CAIRO: Egypt’s Ministry of Health reported two new cases of the H1N1 virus on Wednesday as the World Health Organization (WHO) announced the appearance of a strain resistant to Tamiflu.
There are now a total of 83 cases in Egypt, with the two testing positive yesterday being a young British man who recently arrived to Cairo from London and an Egyptian man just back from the US, according to a healthy ministry statement.
Meanwhile, the World Health Organization (WHO) said that it was informed by health officials in Denmark, Japan, Hong Kong and China of an H1N1 strain resistant to Tamiflu, the drug used to treat the virus.
“These viruses were found in patients who did not have severe diseases and all have recovered. Investigations have not found the resistant virus in the close contacts of these people, according to WHO’s statement.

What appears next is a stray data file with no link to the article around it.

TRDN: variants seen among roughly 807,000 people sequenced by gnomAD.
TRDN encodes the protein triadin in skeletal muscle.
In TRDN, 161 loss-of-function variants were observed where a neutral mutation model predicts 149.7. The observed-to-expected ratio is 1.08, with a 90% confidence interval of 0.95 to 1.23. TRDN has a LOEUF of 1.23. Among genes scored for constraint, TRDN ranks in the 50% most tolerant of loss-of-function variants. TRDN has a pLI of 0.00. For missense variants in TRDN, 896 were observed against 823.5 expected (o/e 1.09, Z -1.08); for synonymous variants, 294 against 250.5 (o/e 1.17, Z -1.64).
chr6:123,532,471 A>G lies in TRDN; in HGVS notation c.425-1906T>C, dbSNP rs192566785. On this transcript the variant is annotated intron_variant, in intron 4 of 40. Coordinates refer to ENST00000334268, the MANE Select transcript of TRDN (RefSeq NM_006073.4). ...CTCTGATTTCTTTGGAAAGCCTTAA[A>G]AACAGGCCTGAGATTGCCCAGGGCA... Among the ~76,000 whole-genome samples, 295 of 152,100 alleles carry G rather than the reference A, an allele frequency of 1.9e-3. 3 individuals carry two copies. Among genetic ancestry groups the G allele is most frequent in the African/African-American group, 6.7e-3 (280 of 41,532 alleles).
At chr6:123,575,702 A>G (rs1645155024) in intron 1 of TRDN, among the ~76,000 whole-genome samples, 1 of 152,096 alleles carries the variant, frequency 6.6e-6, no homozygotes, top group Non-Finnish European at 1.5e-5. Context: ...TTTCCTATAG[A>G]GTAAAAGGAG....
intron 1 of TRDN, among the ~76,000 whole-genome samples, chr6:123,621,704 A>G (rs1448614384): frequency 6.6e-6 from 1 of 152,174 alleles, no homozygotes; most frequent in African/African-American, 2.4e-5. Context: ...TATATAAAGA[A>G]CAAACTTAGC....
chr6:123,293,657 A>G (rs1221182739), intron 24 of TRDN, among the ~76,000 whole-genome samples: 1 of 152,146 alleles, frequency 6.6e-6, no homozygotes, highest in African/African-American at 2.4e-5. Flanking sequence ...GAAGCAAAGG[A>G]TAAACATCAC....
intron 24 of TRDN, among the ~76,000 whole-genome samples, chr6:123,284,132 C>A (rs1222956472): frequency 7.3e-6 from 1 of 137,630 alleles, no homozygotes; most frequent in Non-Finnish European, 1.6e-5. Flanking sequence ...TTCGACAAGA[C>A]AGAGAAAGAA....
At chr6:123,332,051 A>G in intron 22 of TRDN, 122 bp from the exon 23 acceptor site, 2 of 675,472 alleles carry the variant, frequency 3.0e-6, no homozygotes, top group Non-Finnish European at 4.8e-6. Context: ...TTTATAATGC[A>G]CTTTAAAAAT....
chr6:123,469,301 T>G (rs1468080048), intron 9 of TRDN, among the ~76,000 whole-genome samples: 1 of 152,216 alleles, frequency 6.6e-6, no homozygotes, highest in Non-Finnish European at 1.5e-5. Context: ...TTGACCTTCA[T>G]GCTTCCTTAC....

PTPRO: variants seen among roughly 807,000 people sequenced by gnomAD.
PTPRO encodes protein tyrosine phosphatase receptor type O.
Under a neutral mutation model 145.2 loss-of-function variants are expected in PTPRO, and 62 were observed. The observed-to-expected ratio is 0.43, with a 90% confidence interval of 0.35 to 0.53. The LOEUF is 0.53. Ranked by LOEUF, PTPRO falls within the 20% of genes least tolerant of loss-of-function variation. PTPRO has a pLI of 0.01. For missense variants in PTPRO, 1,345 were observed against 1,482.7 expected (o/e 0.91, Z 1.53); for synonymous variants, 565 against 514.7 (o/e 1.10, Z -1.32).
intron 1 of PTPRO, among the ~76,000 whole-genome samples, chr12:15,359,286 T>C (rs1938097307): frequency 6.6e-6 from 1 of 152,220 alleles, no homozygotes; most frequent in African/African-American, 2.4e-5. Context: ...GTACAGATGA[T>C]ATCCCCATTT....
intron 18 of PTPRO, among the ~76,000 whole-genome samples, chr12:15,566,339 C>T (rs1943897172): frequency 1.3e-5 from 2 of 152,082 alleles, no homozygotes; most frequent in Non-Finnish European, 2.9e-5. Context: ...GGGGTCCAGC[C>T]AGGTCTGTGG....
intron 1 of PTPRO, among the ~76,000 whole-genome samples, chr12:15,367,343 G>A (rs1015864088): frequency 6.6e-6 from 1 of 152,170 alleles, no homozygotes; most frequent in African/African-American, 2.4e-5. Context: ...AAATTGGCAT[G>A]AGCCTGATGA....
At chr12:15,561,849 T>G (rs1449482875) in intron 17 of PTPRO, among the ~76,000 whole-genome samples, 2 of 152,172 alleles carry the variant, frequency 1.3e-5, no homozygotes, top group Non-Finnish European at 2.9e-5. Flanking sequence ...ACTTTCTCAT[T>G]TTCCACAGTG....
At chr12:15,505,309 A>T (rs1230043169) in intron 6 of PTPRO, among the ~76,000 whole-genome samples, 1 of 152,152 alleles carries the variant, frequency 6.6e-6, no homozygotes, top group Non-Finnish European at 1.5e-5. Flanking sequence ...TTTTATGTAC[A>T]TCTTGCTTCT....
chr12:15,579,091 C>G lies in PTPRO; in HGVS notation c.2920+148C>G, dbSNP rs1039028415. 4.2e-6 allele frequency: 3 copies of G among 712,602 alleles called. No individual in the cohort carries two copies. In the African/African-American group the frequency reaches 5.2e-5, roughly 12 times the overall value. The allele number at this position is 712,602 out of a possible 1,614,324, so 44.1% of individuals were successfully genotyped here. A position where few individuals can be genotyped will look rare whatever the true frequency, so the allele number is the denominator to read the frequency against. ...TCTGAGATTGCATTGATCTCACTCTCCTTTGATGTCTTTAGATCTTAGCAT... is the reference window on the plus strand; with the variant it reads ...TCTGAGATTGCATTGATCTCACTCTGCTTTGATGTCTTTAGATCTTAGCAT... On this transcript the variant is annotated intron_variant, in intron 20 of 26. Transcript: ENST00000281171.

The WHO stressed that the reported cases are not enough to indicate the “development of widespread antiviral resistance among pandemic H1N1 viruses.
“Based on this risk assessment, there are no changes in WHO’s clinical treatment guidance. Antiviral drugs remain a key component of the public health response when used as recommended.
In Egypt, Cabinet spokesperson Magdy Radi said in a statement that based on reports from the health ministry, the number of cases in the country is “still very limited, and 80 percent of the patients have recovered.
The Ministry of Health has inspected passengers coming to Egypt on some 10,685 planes and 1,353 ships from May 1 through July 5 to track the virus, the ministry statement said.
In that period, Egypt received 2.64 million passengers coming from infected countries, according to the Cabinet’s statement.
At print time on Wednesday, Israel had reported new 15 cases while New Zealand reported its fourth death from H1N1.